Correspondence

Alistair Burt: To ask the Chancellor of the Exchequer when he expects to reply to the letter of17 August 2006 from the hon. Member for North East Bedfordshire on the TOGs Calendar. [108956]

Dawn Primarolo: As I outlined in my letter of18 October 2006 to the hon. Member, this issue is being considered and I hope to be in a position to respond shortly.

Council for Science and Technology

Mr. Francois: To ask the Chancellor of the Exchequer which members of the Council for Science and Technology presented the report Technology Matters to him in February 2000. [109196]

John Healey: The Council for Science and Technology report ‘Technology Matters’ was published in February 2000. The work was led by Professor Sir Alec Broers. The other members of the group were Professor Kumar Bhattacharyya, Dr. Chris Evans, Sir Robin Nicholson, Dr. David Potter, Miss Emma Rothschild and Mr. J Martin Taylor, assisted by Professor Alan Hughes, Director of the ESRC Centre for Business Research, university of Cambridge.

Crossrail

Andrew Rosindell: To ask the Chancellor of the Exchequer when he last met the Secretary of State for Transport to discuss the possible funding mechanism for the Crossrail project. [109800]

Mr. Timms: The Chancellor holds regular discussions with all his Cabinet colleagues and covers a range of issues.


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Cultural Goods: Seizures

Mr. Hayes: To ask the Chancellor of the Exchequer what cultural goods have been seized by HM Revenue and Customs in the last 12 months; and if he will make a statement. [109563]

Dawn Primarolo: In the financial year 2005-06 HM Revenue and Customs seized 2,064 cultural objects, consisting of:

Departmental Conferences

Mr. Hoban: To ask the Chancellor of the Exchequer which conferences with fewer than 100 attendees have been funded in whole or part by his Department in the last 12 months; and what the cost to his Department was of each conference. [106544]

John Healey: Information relating to conferences and meetings at which fewer than 100 people participated could be provided only at disproportionate cost.

Departmental Financial Management

Mr. Hayes: To ask the Chancellor of the Exchequer if he will provide the ranking covering financial management and delivery planning referred to in the first indent of box 7C of the Department for International Development's annual report page 200, for each Government Department. [109453]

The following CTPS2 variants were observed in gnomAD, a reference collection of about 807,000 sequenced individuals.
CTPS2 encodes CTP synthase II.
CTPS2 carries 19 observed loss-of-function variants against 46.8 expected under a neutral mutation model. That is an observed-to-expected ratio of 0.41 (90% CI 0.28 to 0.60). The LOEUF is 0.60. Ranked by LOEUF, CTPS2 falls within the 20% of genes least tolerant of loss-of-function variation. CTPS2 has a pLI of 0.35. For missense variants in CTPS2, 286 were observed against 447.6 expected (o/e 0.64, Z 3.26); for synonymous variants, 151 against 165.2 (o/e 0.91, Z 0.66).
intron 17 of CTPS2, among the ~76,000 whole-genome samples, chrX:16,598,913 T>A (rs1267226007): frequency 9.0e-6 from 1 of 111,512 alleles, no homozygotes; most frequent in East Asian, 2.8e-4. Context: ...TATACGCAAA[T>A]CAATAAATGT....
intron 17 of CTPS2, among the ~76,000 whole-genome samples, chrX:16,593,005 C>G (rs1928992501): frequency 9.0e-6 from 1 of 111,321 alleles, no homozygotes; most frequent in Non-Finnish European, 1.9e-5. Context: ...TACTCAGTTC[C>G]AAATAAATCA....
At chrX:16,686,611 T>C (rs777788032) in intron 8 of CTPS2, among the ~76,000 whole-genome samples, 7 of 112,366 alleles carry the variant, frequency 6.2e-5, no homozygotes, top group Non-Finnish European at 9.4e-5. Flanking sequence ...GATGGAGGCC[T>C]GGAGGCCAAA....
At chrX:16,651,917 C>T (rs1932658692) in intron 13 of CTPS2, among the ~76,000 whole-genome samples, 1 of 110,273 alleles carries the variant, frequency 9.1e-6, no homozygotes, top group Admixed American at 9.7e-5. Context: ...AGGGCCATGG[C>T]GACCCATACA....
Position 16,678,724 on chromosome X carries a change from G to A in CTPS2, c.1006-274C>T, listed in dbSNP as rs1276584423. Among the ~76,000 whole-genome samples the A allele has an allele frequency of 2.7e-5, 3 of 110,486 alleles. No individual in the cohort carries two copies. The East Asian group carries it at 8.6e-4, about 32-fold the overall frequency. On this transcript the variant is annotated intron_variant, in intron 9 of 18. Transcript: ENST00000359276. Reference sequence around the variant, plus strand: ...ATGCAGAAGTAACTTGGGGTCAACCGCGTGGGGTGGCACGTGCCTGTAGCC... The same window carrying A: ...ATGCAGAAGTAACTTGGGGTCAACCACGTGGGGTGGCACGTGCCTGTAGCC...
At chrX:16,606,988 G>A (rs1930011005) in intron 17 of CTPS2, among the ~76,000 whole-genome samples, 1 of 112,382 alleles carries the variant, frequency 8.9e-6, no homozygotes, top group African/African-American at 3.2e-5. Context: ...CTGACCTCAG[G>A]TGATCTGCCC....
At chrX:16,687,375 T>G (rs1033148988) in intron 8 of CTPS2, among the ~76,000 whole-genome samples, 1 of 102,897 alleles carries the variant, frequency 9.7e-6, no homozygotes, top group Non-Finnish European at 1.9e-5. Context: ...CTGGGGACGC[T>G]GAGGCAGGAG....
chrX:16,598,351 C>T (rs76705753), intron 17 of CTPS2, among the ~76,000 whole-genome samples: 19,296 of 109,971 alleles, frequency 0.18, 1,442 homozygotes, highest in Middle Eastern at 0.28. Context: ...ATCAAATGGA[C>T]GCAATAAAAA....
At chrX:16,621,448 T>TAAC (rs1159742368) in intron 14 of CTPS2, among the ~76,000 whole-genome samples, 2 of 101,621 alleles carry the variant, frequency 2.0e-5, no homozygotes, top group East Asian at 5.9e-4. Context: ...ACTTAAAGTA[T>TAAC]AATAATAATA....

Ed Balls: The Treasury commends DFID for the progress it has made in improving financial management and delivery planning. However the Treasury has not drawn up any rankings for Departments in these areas.

Departmental Staff

Dr. Cable: To ask the Chancellor of the Exchequer how many staff were employed through employment agencies in (a) his Department and (b) each of its agencies in each of the last five years for which information is available; and what the (i) average and (ii) longest time was for which these temporary workers were employed in each year. [102962]

John Healey: The information requested is not available in respect of HM Treasury, the Office for National Statistics, HM Revenue and Customs, the Debt Management Office and the Government Actuary's Department. Details relating to other departments and agencies in the years for which information is available are given below:


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18 Dec 2006 : Column 1548W
Office of Government Commerce OGCbuying.solutions National Savings and Investments Royal Mint( 1) Valuation Office Agency( 1)

2001-02

Agency staff

Nil

Average period

Longest period

2002-03

Agency staff

18

Average period

17 weeks

Longest period

28 weeks

2003-04

Agency staff

12

Average period

52 weeks

Longest period

52 weeks

2004-05

Agency staff

15

50

Nil

Average period

26 weeks

1 month

Longest period

26 weeks

4 months

2005-06

Agency staff

57

59

22

Nil

57

Average period

35 weeks

1 month

5.5 months

4 weeks

Longest period

52 weeks

7 months

1 year

6 weeks

2006-07( 2)

Agency staff

49

11

108

Average period

35 weeks

1 month

8 weeks

Longest period

52 weeks

6 months

38 weeks

(1) Royal Mint and VOA figures relate to calendar years
(2) To date